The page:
But notice major point: we don't program them to be intelligent, we give them capacity to become intelligent. And thats where artificial part ends. Our job is to provide best package possible, the rest is beyond us.

Imagine one cell. Can it think? Let make it more complicated, build a body. I think it can think now, can't it? Whether it becomes smarter depends on the form you make with it, as well as the complexity. If the complexity is arranged in a way to allow a mind, then it would be smarter. If a computer is made more complex with an aim to duplicate the mind, it can and will duplicate a mind.
nice logic. Dinasaurs were abit larger than humans, that means helluva lot more cells, don't you think? I imagine brontos playing chess now. You seem to think that 'If the complexity is arranged in a way allow a mind' is the tiny-tiny step just left to be made. Its the major problem. Much bigger than making 100THz Pentium78 and putting some few thousands together, or making a manned mission to jupiter.

There was a massively paraller computer made, Thinking Machines, it had 65K small cpus, like neural net. Awesome box. It died. Guess why? Human mind is unable to program so massively parallel computer. See, its not a technology issue.
 

FZ+

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I didn't say any of that. not even remotely close. If you play chess by evaluating each possible move, you'll loose to 8yr old. If you can describe your algoritms, they'd like to hear you. Sure you do use some, but you also create them from experience.
And why can't computers do the same?

What evolutionary algorithms? That what researches try out and then spend life to understand what happened, without any prior understanding?
Basically, it's to couple a degree of randomness to a selector that lets the best surivive. These then develop themselves to produce their own programming - often even better than a human could think up. That's programming, creating their own algorithms, without a programmer.

I didn't say computer can't think. I said it doesn't think, and won't in quite some time.
Ah... sorry... confusion on my part.

Should...read...whole...post....

Sorry, I didn't know that here are ppl who build 'thinking machines' like pancakes... If you say so, then its soo easy...
Not like pancakes no... Heh. But I think we have a theoretical beginning on how such a machine can work, modeled on our understanding of the brain at the moment. Currently it is thought that thought is the product of a sort of mini-evolution in the brain, in terms of competing impulses and stuff. It's a mega-network of small, semi-intelligent bits that work together in harmony.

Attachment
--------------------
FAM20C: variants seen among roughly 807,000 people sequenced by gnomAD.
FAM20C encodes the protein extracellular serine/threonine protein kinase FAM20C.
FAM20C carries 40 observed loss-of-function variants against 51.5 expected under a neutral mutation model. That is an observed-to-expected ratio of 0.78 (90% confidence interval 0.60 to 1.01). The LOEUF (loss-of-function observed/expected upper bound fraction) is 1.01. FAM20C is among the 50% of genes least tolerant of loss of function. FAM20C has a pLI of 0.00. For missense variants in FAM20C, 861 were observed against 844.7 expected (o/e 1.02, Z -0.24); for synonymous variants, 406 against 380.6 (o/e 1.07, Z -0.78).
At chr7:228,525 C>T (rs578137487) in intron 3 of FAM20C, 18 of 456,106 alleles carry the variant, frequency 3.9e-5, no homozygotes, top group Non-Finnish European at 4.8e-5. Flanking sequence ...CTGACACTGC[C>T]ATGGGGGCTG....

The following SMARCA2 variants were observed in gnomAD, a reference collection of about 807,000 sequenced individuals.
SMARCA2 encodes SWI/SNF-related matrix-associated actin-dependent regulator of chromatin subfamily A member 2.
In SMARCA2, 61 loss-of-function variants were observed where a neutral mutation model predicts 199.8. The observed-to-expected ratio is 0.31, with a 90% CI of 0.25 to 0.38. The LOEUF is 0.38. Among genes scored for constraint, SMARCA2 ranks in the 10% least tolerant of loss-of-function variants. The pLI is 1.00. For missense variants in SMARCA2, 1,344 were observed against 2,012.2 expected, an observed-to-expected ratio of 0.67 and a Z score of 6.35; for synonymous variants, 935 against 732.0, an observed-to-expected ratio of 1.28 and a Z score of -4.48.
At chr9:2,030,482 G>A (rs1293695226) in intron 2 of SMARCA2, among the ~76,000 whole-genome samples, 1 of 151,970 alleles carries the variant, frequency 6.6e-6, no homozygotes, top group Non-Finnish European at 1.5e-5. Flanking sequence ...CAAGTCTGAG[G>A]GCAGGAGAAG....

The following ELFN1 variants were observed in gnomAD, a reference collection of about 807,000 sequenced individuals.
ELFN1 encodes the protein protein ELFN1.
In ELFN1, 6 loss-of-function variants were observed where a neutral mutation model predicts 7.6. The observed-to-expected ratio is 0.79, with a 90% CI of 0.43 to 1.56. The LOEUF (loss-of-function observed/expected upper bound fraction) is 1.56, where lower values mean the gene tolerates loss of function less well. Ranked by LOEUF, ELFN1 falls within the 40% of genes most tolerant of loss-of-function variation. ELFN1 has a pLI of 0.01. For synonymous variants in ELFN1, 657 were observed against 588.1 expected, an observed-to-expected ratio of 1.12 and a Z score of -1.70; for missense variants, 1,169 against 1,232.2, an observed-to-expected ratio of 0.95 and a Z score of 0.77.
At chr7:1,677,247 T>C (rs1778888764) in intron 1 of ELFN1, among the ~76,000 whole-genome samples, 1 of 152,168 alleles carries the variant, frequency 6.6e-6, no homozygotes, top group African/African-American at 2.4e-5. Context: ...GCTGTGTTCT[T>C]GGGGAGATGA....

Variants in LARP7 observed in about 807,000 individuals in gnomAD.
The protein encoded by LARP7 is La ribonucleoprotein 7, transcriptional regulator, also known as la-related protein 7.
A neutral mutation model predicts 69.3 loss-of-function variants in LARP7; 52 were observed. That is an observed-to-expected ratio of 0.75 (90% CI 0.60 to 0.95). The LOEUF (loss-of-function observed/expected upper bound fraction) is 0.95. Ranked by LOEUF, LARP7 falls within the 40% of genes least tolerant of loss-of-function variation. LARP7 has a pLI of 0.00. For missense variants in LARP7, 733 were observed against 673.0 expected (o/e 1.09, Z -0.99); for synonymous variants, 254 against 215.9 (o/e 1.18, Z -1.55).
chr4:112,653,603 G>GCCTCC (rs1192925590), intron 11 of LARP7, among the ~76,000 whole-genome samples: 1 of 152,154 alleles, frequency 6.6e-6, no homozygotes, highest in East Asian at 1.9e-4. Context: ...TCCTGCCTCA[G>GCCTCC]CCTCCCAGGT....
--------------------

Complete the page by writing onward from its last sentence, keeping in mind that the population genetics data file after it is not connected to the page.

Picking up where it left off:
But notice major point: we don't program them to be intelligent, we give them capacity to become intelligent. And thats where artificial part ends. Our job is to provide best package possible, the rest is beyond us.
Hmm... interesting point.... I sort of agree - the thoughts themselves cannot be determined by programming, as then it wouldn't be intelligence.

nice logic. Dinasaurs were abit larger than humans, that means helluva lot more cells, don't you think? I imagine brontos playing chess now. You seem to think that 'If the complexity is arranged in a way allow a mind' is the tiny-tiny step just left to be made. Its the major problem. Much bigger than making 100THz Pentium78 and putting some few thousands together, or making a manned mission to jupiter.
There was a massively paraller computer made, Thinking Machines, it had 65K small cpus, like neural net. Awesome box. It died. Guess why? Human mind is unable to program so massively parallel computer. See, its not a technology issue.
Yes and no. It has been suggested that intelligence is based on the ratio of body mass to brain size. While the bronto have a big brain, most of the cells were busy just keeping it alive, and hence a very small part of it was freed up in the frontal lobe to do things not essential to survival... like certain board games. While the bronto brain had complexity, that complexity was specialised for other things.
No, that is not a tiny step. Sorry if I gave that impression. The problem is the core principles of our current computing. Our current computing is based strictly on formal logic - a determined processor, held at each point by programming. Extend that, and you just get the same thing, the problem being that the programs themselves can't keep up. WE can't keep up.
When is parallel computing successful then? When we exploit the fact that there are such sub-divisions. Notice the tremendous success of the SETI@Home project. For the success of AI, we need

(a) processors with a degree of randomness - perhaps quantum computing, or fuzzy logic can be the key,
(b) processors that function individually, but can communicate, and
(c) a whole new dynamic to programming - no longer instructions, but situations to react to.

That's what I meant by "aim to duplicate the mind".
 
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Originally posted by wimms
You still haven't decided, do you mean artificial in absolute sense or only relative. You mix them all the time.
Yes, well it is one word.

You just switched relative meaning to absolute, and you get that bone was produced naturally. Who cares? Alien/foreign does not describe that it mimics and replaces your genuine bone. That what the word artificial is used for.
Then any child's intelligence must be artificial, right?

Take Nature as closed system, take human as standing out of it
That's what everyone does, and it's what I'm arguing against.